Creating Model Documentation Using Jupyterbook and Intake-esm#

A common step to any project is documenting your data and your data workflow. Fortunately, open tools in the scientific python ecosystem make that much easier! In this example, we will cover creating your github repo, creating the catalog, visualizing the catalog, and generating a static webpage you can share with collaborators!

Fair Warning#

This week’s post is quite detailed, so just a warning! If you would like to look at the finished product, check out the following

By the end of this post, we will cover how to build a webpage that looks like this CESM book page

Create your Github Repository#

Go to Github and select “New” in the top lefthand corner next to “Repositories” - this will pull up the following window. Once you are here, go ahead and name your repository!

Be sure to add:

  • Repository name

  • Description


  • Gitignore (use the python template)

  • Choose a license


Clone your Repository#

At this point, you can go ahead and clone your repository! You can either clone to your local machine, or to some Jupyterhub (such as the NCAR Jupyterhub), which will do in this case.

Clone to your machine!#

We want to clone to the repository within the Jupyterhub, so once logging on, we open a terminal and paste the link using the following syntax

git clone

Create a docs directory#

Now that you cloned the repository, move into it and create a docs directory using the following

cd cesm-test-data
mkdir docs

Build your Catalog#

Open a new Jupyter Notebook called model_documentation.ipynb within the docs directory and select a development environment which includes the following:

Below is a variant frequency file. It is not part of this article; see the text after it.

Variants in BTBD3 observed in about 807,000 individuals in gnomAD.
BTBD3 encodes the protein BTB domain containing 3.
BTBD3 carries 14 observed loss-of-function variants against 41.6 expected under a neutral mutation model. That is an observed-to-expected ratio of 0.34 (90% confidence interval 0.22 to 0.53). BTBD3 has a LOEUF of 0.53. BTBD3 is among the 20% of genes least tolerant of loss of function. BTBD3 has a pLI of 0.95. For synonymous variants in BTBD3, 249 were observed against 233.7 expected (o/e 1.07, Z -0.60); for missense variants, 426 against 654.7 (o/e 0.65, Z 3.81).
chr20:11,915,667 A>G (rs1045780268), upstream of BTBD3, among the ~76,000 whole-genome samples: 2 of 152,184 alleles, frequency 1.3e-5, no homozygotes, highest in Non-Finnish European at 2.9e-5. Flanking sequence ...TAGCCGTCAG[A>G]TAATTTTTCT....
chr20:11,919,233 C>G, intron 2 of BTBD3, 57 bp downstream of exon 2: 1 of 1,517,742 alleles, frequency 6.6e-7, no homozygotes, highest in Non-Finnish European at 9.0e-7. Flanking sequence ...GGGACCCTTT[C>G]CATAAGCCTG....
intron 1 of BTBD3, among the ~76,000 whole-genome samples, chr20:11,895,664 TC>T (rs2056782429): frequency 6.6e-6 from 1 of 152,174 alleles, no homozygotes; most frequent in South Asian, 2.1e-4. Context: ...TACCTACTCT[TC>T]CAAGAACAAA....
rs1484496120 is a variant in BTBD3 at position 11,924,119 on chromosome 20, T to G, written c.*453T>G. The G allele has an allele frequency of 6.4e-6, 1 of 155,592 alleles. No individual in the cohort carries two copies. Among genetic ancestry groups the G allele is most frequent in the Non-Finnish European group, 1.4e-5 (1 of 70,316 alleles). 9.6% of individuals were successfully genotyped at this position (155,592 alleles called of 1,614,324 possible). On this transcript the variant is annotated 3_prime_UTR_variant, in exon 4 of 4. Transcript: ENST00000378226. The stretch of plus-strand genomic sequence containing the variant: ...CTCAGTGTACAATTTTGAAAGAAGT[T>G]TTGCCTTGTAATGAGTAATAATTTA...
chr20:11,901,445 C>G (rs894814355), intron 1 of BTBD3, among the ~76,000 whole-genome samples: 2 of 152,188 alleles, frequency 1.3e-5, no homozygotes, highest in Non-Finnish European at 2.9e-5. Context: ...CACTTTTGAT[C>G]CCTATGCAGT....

• jupyter-book

  • ecgtools

If you haven’t installed these yet, you can use conda and pip (ecgtools is not yet on conda-forge)

conda install -c conda-forge jupyter-book intake-esm graphviz
pip install ecgtools

In this case, follow the instructions in the Building an Intake-esm catalog from CESM2 History Files post provides the instructions for building the data catalog

Read the Catalog and Visualize the Components and Frequency#

A couple weeks ago, we covered Creating Visualizations of Intake-ESM Catalogs which is helpful for understanding how Graphviz works!


import intake
from graphviz import Digraph

Read in the Test History Catalog#

col = intake.open_esm_datastore('/glade/work/mgrover/cesm-hist-test.json')

We will assign the dataframe from the catalog to its own variable

df = col.df

Visualize the Catalog#

Using the Diagraph object from the Graphviz library, we setup a loop to create the visualization using the three categories

  • Case

  • Component

  • Frequency

# Create Digraph object - use the left to right orientation instead of vertical
dot = Digraph(graph_attr={'rankdir': 'LR'})

# Save the catalog as a pdf
dot.format = 'pdf'

# Start counting at one for node numbers
num_node = 1

# Loop through the different cases
for case in
    case_i = num_node
    dot.node(str(case_i), label=case)
    num_node += 1

    # Loop through the different components in each case
    for component in df.loc[ == case].component.unique():
        comp_i = num_node
        dot.node(str(comp_i), label=component)
        dot.edge(str(case_i), str(comp_i))
        num_node += 1

        # Loop through the frequency in each component within each experiment
        for frequency in df.loc[( == case) & (df.component == component)].frequency.unique():